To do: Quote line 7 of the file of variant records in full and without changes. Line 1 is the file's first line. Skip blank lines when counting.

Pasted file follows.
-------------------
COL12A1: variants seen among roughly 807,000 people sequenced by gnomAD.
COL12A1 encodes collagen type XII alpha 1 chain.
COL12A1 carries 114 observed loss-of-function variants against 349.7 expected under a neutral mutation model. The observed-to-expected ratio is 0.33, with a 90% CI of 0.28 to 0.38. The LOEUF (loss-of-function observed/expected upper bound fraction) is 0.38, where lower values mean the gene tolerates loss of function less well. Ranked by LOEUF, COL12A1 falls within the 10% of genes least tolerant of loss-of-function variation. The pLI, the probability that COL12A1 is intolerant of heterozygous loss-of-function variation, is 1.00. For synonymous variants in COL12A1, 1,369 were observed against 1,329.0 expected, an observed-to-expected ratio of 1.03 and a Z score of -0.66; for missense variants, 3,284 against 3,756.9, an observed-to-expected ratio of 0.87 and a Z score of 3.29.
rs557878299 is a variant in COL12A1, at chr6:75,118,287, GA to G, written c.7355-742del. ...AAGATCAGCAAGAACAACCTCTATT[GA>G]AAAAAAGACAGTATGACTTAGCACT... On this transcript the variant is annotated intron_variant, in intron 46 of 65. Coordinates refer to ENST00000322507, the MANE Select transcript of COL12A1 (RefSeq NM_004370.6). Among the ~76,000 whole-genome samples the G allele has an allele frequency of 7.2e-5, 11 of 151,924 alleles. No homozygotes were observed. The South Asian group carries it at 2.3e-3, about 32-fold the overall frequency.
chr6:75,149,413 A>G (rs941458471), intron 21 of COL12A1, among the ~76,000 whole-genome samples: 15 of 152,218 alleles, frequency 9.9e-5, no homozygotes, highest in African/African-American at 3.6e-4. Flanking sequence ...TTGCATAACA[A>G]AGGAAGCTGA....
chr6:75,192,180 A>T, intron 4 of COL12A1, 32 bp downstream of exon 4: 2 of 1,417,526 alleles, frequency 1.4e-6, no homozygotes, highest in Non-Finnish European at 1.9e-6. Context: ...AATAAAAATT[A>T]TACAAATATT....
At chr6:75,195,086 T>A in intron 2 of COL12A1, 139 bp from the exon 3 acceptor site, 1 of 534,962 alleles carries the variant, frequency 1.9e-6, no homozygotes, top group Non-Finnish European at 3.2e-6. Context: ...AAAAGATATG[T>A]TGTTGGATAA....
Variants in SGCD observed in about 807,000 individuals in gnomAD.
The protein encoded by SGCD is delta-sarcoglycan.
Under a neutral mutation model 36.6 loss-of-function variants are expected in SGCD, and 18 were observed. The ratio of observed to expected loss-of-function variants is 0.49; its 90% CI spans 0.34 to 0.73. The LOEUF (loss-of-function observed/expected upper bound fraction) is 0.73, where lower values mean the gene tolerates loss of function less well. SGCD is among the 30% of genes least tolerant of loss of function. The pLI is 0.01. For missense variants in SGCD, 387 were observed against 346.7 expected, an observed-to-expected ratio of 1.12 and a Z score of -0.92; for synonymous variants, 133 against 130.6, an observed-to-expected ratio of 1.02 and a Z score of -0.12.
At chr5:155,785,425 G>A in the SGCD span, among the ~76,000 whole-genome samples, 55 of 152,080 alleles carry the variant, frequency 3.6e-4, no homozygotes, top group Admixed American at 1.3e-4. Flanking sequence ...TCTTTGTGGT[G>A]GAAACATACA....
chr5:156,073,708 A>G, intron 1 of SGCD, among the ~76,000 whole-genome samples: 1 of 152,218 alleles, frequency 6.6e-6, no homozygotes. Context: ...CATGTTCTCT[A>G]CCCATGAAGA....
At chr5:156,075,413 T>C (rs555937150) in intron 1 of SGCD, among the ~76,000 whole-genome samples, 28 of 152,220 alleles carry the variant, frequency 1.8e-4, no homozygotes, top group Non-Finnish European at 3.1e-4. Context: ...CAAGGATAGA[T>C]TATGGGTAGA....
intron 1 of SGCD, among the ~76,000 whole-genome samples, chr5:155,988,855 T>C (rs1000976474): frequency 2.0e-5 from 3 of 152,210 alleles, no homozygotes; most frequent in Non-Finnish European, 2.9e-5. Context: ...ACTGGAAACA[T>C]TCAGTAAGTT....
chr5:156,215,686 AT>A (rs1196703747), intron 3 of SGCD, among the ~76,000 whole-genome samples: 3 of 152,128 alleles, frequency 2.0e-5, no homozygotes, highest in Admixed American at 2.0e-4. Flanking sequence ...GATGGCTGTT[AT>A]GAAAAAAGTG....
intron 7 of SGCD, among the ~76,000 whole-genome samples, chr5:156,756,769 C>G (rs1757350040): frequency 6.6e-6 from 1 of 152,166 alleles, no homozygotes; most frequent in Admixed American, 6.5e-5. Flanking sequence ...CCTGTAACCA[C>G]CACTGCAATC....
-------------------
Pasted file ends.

At chr6:75,195,086 T>A in intron 2 of COL12A1, 139 bp from the exon 3 acceptor site, 1 of 534,962 alleles carries the variant, frequency 1.9e-6, no homozygotes, top group Non-Finnish European at 3.2e-6. Context: ...AAAAGATATG[T>A]TGTTGGATAA....